Sometimes the people you meet on a plane just want to sleep and ignore you. That’s cool: I’ve been that guy. But sometimes you somehow get upgraded to the Economy Comfort section when what you really thought you were doing was just asking for an aisle seat. For 30 bucks I got a great seat and an even better story.
When Allen Genkin walked by me originally, I thought he may have made a mistake. Somehow—and I don’t claim to know why—I knew he was supposed to be in the middle seat next to me. He returned back up the aisle and with a sheepish grin, took his proper place.
Already, I dug the guy. My recent bouts with late onset Chemo-brain have caused me not a little consternation (I’m surprised, actually, that the word “consternation” came to me: word retrieval lately has been… has been… uhhh…)
I’m not as gifted at meeting people as the ladies in my family are. On our last trip, Taylor became fast friends with a 65-year-old woman who had just re-entered the dating scene and Skye was recently witnessed comforting an elderly man who was crying on the subway. Marci, always one to make a connection, figured out within 30 seconds of showing up for jury duty that the gentleman behind her in line also had a daughter in tiny Northfield, Minnesota, four states and several inches of snow away.
So when Allen and I got to chatting, I was first impressed by his appearance on Dancing With The Stars. We were delayed on the tarmac and spent the time watching videos of him on the show. The dude’s a crazy-good ballroom dancer. If you’re familiar with the show: No, he wasn’t dancing with one of the stars. Allen competed in the 2012 “Ballroom Battle,” a part of the ABC series in which a few rising ballroom stars from across the country are chosen to compete on the popular prime-time series.
As I met him, he was flying back to Cali to prepare for the Main Event on a cruise ship. I was flying west to attend another bone marrow conference which surely made him jealous. Sorry Allen, you’ll have to wait a little longer before you can live the glamorous life like me!
You’ll have to go through Hell and back before you can purchase a ticket to my kind of stardom.
Hell and back? Allen had a permanent address in Hell. The simple fact that he was here sitting next to me was miraculous. But that doesn’t even begin to cover it. To be a solid gold dancer and be on the cusp of super stardom is one thing. To do it when you’re only 22 is yet another. But try this challenge—after being obese as a child.
Yeah, obese. At the age of 13, the kid had a size 48 waist. Dreams of dancing were about as far away as the rich and caloric Russian food he was raised on was near.
This is the same person who was sitting right next to me and turning down my offer of a supposedly healthy half-a-tomato-and-cheese sandwich. A dancer’s diet is strictly adhered to. I didn’t, therefore, disturb his nap when the peanut, pretzel and pop cart trollied down the aisle.
Big deal, right? We’ve heard that narrative before; an overweight kid gets in shape and pursues his dreams. Yawn. Wake me when the next cart comes by.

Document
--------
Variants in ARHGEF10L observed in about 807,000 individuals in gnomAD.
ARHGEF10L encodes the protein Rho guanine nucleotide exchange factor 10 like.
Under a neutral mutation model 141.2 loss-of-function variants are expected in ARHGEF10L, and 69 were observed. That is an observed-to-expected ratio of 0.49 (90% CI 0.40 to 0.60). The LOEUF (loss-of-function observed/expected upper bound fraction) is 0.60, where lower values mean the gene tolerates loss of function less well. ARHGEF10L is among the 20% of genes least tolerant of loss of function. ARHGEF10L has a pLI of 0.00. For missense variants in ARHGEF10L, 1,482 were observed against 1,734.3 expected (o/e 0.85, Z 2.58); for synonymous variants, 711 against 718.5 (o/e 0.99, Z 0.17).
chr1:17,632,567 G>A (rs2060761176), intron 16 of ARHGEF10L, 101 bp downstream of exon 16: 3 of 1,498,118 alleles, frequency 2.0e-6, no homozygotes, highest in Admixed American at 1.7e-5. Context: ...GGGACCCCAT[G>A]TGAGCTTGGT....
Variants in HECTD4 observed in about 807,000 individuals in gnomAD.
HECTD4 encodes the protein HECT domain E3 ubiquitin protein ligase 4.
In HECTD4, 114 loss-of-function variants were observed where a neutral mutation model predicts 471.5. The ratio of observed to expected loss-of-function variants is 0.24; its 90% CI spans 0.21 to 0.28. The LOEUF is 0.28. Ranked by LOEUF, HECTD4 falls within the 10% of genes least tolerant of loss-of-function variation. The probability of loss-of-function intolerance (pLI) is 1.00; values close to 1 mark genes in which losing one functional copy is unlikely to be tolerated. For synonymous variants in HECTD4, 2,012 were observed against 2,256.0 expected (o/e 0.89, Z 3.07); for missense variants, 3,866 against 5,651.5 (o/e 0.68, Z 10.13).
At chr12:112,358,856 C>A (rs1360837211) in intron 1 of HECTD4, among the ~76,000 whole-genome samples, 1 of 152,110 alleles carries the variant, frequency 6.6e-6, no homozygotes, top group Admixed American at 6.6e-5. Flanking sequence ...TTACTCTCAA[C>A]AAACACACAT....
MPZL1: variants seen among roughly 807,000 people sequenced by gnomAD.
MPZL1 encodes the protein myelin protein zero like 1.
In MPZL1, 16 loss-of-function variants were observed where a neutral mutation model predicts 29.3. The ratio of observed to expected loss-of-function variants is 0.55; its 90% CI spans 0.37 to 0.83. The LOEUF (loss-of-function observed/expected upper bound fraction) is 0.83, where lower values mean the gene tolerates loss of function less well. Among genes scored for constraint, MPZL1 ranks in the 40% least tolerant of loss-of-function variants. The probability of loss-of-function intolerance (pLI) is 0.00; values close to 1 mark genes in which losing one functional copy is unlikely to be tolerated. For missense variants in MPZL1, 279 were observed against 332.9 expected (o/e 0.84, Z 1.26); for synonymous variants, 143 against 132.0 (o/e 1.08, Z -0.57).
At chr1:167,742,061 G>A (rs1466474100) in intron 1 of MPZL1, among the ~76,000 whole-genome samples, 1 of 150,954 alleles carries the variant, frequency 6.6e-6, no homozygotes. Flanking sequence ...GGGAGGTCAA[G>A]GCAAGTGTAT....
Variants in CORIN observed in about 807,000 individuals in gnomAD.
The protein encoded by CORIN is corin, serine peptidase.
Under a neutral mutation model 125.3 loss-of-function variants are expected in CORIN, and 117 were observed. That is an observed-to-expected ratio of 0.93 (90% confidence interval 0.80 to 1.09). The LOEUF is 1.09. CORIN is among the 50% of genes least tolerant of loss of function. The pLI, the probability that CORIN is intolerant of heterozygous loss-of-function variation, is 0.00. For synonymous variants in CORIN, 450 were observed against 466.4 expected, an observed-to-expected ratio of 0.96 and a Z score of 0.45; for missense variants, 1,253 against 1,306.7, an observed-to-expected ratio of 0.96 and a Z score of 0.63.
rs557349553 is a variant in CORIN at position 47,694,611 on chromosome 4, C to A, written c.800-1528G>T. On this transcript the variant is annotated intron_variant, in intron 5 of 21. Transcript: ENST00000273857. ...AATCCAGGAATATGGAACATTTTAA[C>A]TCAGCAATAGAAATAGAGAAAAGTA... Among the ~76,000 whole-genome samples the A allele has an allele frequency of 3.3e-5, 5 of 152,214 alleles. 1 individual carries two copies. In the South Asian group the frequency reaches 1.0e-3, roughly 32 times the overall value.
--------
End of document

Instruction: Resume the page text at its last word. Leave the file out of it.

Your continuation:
Uh, okay, did I mention that his mom died a few years later when he was still only 15? It was a sudden loss, a drowning, but I had pried enough and didn’t want to ask for more specifics.
So now there’s this smiling, warm, gracious kid who overcame childhood obesity and a horrible tragedy only to go on and become one of the top ballroom dancers in the world. Yeah, they have worldwide competitions for that sort of thing. His was in London, but dancing has taken him all over globe, even at the amazingly young age of 22.
But I feel like something’s missing in this story. I feel as though my Chemo-brain has left something out. Once he dropped all that weight and somehow got over his mother’s drowning, life was golden for him, right? His father abandoned him, did I tell you that? But there was something even worse.
I don’t want to disturb him to ask; he’s still napping. Professional dancer’s need their sleep. So do cancer survivors. Oh yeah, that’s it. At age 20, this incredible kid—this future star of stage and screen—suffered through The Big C, testicular cancer.
God, I swear life couldn’t have been any more shitty for him. But he made it through Hell, became a world-class dancer then there on national TV, his former dance partner and one-time girlfriend dumped him just before the biggest competition of his young life. His coach had to scramble and within mere days, my current seatmate on this bumpy cross-country flight appeared on national, network TV vying for the ballroom title on Dancing With The Stars.
Oh, and then—he won. After all that, yes, he won.
I think any of his struggles should have qualified him for a life on Easy Street. He told me, before nodding off, that cancer changed him. Immediately I was the jealous one. Even though people around me say I’m changed, I don’t always feel as though it’s for the better. Allen’s change most assuredly is for the better, even though I didn’t know him back when things were rotten and am definitely not an authority on his life, even after we shared this flight. His desire to one day open a dance studio to help kids like him is proof positive that this guy deserves all the amazing things life has in store for him.